Maize is now accepted to be the most rapidly growing crop in the UK – but a crash in Cambridgeshire means there will be a little less of it going into anaerobic digesters (AD) locally. This tractor and trailer unit carrying chopped maize overturned at Littleport yesterday but fortunately eye witnesses said the driver escaped injury.
Maize has become the main feedstock for AD plants and with the growing number of these in the Fens, the roads carrying harvested maize have never been busier.
“The trailer is currently sitting on its side with its load spilt over verge,” one passer-by observed yesterday.
“Still pretty clear, though. Shouldn’t cause too many problems.”
Another said: “The driver looked okay, standing beside the tractor when I went past, I don’t think the tractor is okay though as it looked pretty twisted.”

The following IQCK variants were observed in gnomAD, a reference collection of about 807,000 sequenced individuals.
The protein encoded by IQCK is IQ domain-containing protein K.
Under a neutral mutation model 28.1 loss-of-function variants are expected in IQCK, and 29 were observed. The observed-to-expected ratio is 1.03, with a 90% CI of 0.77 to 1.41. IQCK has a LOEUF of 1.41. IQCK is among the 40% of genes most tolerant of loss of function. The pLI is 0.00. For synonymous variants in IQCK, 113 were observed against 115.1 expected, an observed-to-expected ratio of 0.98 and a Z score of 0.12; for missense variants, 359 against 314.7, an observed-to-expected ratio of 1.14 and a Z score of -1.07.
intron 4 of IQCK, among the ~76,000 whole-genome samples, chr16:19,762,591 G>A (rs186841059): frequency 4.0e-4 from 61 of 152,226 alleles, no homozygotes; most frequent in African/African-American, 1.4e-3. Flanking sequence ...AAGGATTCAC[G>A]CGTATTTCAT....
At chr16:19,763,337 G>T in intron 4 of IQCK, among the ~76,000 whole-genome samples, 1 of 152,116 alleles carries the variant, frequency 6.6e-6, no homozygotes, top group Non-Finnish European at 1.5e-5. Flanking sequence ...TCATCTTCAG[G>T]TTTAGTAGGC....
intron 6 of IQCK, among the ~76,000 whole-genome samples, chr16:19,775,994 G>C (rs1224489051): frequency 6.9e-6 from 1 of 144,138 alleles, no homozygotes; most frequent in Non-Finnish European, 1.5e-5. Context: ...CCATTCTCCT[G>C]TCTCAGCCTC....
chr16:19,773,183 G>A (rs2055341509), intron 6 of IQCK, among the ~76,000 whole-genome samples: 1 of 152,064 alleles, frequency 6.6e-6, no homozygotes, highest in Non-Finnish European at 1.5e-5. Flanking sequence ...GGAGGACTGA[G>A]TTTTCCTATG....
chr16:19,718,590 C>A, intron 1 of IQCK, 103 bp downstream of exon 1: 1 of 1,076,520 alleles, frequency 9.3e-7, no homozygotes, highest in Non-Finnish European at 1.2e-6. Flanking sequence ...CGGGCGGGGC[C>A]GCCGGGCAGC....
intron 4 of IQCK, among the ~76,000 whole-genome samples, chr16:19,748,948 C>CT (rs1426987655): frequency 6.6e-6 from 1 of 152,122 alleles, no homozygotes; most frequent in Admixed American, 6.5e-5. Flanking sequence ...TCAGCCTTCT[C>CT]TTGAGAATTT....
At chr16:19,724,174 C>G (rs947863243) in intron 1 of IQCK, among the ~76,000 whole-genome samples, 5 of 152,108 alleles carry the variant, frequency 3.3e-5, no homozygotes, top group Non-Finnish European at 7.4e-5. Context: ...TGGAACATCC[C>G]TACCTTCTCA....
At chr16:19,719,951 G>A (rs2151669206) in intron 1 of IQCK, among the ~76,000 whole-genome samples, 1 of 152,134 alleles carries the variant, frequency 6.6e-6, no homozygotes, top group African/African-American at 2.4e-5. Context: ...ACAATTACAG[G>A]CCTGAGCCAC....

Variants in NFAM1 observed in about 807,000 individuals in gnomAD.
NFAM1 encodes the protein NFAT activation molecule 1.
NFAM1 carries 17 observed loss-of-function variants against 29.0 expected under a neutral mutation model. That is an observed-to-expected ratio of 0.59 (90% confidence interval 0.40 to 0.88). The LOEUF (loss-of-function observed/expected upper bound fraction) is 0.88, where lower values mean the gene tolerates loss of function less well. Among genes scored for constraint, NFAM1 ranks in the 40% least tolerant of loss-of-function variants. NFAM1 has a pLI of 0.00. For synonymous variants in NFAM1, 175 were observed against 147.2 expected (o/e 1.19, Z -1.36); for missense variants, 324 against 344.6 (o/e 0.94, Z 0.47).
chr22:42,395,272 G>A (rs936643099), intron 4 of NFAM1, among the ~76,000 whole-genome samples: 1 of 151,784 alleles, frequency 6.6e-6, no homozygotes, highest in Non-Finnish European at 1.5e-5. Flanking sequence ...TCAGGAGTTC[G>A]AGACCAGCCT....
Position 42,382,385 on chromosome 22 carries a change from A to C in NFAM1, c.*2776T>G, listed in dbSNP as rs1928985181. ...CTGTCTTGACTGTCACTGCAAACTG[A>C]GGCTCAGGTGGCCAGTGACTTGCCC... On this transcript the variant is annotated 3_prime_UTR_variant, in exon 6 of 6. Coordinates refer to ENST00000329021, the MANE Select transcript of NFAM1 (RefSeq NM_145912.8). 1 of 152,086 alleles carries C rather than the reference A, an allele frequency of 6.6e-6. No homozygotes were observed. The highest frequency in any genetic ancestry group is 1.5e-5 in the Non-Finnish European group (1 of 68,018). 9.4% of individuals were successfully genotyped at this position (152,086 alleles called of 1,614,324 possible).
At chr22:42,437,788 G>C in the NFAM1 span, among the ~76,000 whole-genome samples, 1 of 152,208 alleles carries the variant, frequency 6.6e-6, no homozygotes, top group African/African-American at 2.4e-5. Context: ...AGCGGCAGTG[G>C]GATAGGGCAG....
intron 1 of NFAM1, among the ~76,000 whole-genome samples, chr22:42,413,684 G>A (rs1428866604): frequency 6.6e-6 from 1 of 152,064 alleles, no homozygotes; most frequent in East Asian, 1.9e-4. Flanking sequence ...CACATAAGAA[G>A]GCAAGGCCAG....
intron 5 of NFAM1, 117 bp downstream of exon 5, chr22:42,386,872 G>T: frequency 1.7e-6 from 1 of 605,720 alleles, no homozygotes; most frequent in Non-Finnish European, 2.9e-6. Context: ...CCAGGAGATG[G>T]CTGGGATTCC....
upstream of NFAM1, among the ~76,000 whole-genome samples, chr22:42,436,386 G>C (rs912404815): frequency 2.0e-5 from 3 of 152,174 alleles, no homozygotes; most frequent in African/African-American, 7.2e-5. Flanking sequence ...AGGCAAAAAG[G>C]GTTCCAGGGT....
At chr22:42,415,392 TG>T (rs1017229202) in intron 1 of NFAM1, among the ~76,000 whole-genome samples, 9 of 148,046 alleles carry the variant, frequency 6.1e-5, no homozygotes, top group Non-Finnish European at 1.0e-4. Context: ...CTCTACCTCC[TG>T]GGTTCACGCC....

One resident observed on a social media post: “From what I was told and saw, the tractor wasn’t speeding, and to be honest we can see the A10 from where we live, and I haven’t seen many going excessively fast.”
She had these words for the driver.
“You all do a good job and yes there is a handful that take the P, but you get that in any job,” she said.
The NFU estimates that maize is grown on 220,000 hectares in the UK. In 1973, for comparison, the UK had just 8,000 hectares given over to maize but by 2014 this had grown to 183,000 hectares.
“It is a vital crop both as a highly nutritious animal feed and the highest energy yield feedstock for anaerobic digestion,” says the NFU.
Maize produces high yields, both per hectare as a crop and per cubic meter of biogas.
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